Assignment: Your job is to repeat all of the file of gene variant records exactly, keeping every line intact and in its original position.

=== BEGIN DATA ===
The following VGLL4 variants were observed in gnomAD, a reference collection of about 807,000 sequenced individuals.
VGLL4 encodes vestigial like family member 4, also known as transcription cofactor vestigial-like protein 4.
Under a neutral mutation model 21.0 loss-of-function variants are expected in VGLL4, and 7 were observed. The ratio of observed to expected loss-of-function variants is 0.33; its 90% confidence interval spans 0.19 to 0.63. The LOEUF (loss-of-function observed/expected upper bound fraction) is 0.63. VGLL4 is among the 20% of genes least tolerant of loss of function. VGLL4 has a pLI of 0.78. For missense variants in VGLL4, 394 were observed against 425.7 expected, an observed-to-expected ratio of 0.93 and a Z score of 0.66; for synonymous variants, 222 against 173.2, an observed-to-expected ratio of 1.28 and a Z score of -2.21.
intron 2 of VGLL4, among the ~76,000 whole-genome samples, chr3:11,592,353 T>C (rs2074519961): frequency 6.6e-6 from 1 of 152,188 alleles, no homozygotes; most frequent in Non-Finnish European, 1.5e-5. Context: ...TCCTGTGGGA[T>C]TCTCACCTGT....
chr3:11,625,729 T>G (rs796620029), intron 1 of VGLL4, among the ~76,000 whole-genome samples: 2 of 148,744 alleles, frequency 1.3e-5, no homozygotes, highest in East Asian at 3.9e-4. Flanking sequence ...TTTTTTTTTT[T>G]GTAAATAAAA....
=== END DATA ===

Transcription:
The following VGLL4 variants were observed in gnomAD, a reference collection of about 807,000 sequenced individuals.
VGLL4 encodes vestigial like family member 4, also known as transcription cofactor vestigial-like protein 4.
Under a neutral mutation model 21.0 loss-of-function variants are expected in VGLL4, and 7 were observed. The ratio of observed to expected loss-of-function variants is 0.33; its 90% confidence interval spans 0.19 to 0.63. The LOEUF (loss-of-function observed/expected upper bound fraction) is 0.63. VGLL4 is among the 20% of genes least tolerant of loss of function. VGLL4 has a pLI of 0.78. For missense variants in VGLL4, 394 were observed against 425.7 expected, an observed-to-expected ratio of 0.93 and a Z score of 0.66; for synonymous variants, 222 against 173.2, an observed-to-expected ratio of 1.28 and a Z score of -2.21.
intron 2 of VGLL4, among the ~76,000 whole-genome samples, chr3:11,592,353 T>C (rs2074519961): frequency 6.6e-6 from 1 of 152,188 alleles, no homozygotes; most frequent in Non-Finnish European, 1.5e-5. Context: ...TCCTGTGGGA[T>C]TCTCACCTGT....
chr3:11,625,729 T>G (rs796620029), intron 1 of VGLL4, among the ~76,000 whole-genome samples: 2 of 148,744 alleles, frequency 1.3e-5, no homozygotes, highest in East Asian at 3.9e-4. Flanking sequence ...TTTTTTTTTT[T>G]GTAAATAAAA....